Case two: ‘The case of the vulnerable adult’

In March 2002, a 30-year-old woman with learning disabilities was admitted to Borders General Hospital in Scotland with multiple injuries as a result of sustained physical and sexual assaults. The abuse had been carried out at home and was perpetrated by three men, one of whom was her carer. ‘The case of the vulnerable adult’  is the term that the individual involved has asked to be used. Her identity is protected under rules giving anonymity to victims of rape.

What happened

The woman had made allegations against one of the perpetrators as a child but agencies decided her mother could protect her. When her mother died, he was allowed to become her carer, making her sleep on a carpet in the hall at his home. He began taking the woman's benefit money, deprived her of food and liquid and made her sit in the dark for long periods. Together with two friends he forced her to strip, shaved her head, sexually assaulted her and repeatedly stamped on her face and body. They also threw the woman over a fence, handcuffed her to a door and set fire to her clothing.

The police, health and social services had been aware of allegations of abuse dating back to the woman's childhood. These had been investigated and reported to the Procurator Fiscal but she was considered an unreliable witness due to her learning disability.

The response

The woman had been known to police, social work services and the health board from her early childhood. As a subsequent investigation into the case found, ‘Over many years, there were events and statements in records held by social work, health services and the police that raised serious concerns about this person's [the primary carer following the mother's death] behaviour toward this woman’.[1] In the period leading up to the ‘vulnerable adult’s’ hospital admission in 2002, the abuse had clearly escalated to extreme levels.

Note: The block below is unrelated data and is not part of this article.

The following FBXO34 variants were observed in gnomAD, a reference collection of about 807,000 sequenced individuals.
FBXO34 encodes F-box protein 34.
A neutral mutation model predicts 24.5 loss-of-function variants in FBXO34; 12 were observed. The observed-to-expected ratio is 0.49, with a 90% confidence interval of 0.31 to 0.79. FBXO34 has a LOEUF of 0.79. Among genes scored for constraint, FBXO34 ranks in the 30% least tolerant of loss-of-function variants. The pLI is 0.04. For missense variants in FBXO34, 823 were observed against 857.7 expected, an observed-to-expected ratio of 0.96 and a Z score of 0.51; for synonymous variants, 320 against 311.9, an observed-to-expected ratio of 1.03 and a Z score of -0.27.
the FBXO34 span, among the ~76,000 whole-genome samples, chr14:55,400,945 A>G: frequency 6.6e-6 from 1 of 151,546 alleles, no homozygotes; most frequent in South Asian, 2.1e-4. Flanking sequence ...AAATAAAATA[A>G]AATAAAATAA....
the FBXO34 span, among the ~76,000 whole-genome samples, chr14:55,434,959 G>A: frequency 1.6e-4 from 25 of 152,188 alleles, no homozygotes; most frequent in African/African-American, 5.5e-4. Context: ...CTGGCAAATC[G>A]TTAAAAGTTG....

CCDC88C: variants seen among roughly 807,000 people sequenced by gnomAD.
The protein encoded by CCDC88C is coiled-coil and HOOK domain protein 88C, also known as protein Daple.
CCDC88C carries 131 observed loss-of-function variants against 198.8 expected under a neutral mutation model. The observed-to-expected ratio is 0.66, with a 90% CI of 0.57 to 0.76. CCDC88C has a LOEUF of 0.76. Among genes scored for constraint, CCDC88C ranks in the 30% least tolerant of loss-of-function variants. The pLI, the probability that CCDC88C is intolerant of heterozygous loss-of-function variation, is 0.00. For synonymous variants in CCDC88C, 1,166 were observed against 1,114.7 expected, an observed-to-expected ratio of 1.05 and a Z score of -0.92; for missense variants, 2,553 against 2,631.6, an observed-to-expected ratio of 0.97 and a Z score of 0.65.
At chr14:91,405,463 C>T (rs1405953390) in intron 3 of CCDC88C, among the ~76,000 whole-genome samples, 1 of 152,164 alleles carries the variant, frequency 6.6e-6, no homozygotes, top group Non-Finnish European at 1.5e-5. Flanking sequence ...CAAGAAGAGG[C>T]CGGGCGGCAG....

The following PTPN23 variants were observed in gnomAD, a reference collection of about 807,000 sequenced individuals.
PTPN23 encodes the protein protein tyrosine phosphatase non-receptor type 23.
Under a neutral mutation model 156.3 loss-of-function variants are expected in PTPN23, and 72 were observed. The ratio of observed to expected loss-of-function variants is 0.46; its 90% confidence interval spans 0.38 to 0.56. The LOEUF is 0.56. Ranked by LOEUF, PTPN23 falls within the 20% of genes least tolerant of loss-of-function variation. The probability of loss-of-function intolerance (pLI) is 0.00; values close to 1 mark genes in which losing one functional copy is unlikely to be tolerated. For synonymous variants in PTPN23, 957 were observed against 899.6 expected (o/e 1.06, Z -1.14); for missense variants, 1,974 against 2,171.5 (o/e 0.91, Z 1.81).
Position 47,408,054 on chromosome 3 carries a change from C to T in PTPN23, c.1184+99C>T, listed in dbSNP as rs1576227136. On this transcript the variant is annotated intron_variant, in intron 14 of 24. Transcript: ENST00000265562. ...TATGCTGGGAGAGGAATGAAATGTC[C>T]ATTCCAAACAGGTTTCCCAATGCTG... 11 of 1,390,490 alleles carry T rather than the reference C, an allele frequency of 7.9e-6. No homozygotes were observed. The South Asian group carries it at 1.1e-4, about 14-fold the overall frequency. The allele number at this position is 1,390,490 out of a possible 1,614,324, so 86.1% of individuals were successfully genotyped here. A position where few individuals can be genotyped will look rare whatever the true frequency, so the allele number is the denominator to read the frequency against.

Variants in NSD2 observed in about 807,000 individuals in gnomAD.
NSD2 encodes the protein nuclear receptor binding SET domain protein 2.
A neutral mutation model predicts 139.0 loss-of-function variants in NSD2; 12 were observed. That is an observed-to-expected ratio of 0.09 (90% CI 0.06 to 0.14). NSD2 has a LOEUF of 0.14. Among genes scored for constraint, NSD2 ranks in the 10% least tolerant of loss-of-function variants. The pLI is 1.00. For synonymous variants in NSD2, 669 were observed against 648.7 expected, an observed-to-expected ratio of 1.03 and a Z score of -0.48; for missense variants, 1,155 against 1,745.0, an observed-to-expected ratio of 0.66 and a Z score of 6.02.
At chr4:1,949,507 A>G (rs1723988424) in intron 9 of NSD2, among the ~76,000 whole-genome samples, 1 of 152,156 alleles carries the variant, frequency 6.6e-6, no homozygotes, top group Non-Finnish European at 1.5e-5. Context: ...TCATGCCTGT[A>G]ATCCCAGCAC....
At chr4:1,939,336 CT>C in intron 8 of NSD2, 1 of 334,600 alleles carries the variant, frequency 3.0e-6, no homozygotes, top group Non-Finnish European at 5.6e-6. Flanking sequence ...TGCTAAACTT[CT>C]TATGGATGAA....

A police investigation into the circumstances of the ‘vulnerable adult’ was triggered when a neighbour reported his concerns. This coincided with the admission of the ‘vulnerable adult’ to Borders General Hospital. As the ‘vulnerable adult’ had experienced disbelief previously at the hands of the police,[2] it was important for the officer leading the investigation to be able to build sufficient trust with her for the investigation to make progress.

During the investigation it emerged that another person with learning disabilities was also experiencing sexual abuse and another was experiencing severe physical neglect within the same network. One had previously disclosed abuse but had been dismissed as unreliable. One had been receiving services from both the Council and Health Board and had suffered severe forms of neglect and abuse over many years. The professionals involved included: social workers, GPs, district nurses, the learning disability specialist team, general hospital services, dieticians and the police.


Scottish Government, 2004, Investigations into Scottish Borders Council and NHS Borders Services for People with Learning Disabilities: Joint Statement from the Mental Welfare Commission and the Social Work Services Inspectorate. Available from the Scotland Gov website

2 In part due to having been inaccurately assessed in the past as having only a mild learning disability; officers acting on this assessment therefore took her prevarication as deliberate evasion and a refusal to co-operate.

Prosecution

Numerous allegations over a period of 20 years did not result in criminal proceedings being taken until the intervention of a neighbour resulted in decisive action in 2002. The criminal case against the three men focused on the three month period leading up to the ‘vulnerable adult’s’ hospitalisation. In September 2002, the carer received a sentence of 10 years’ imprisonment and the other two men sentences of seven years.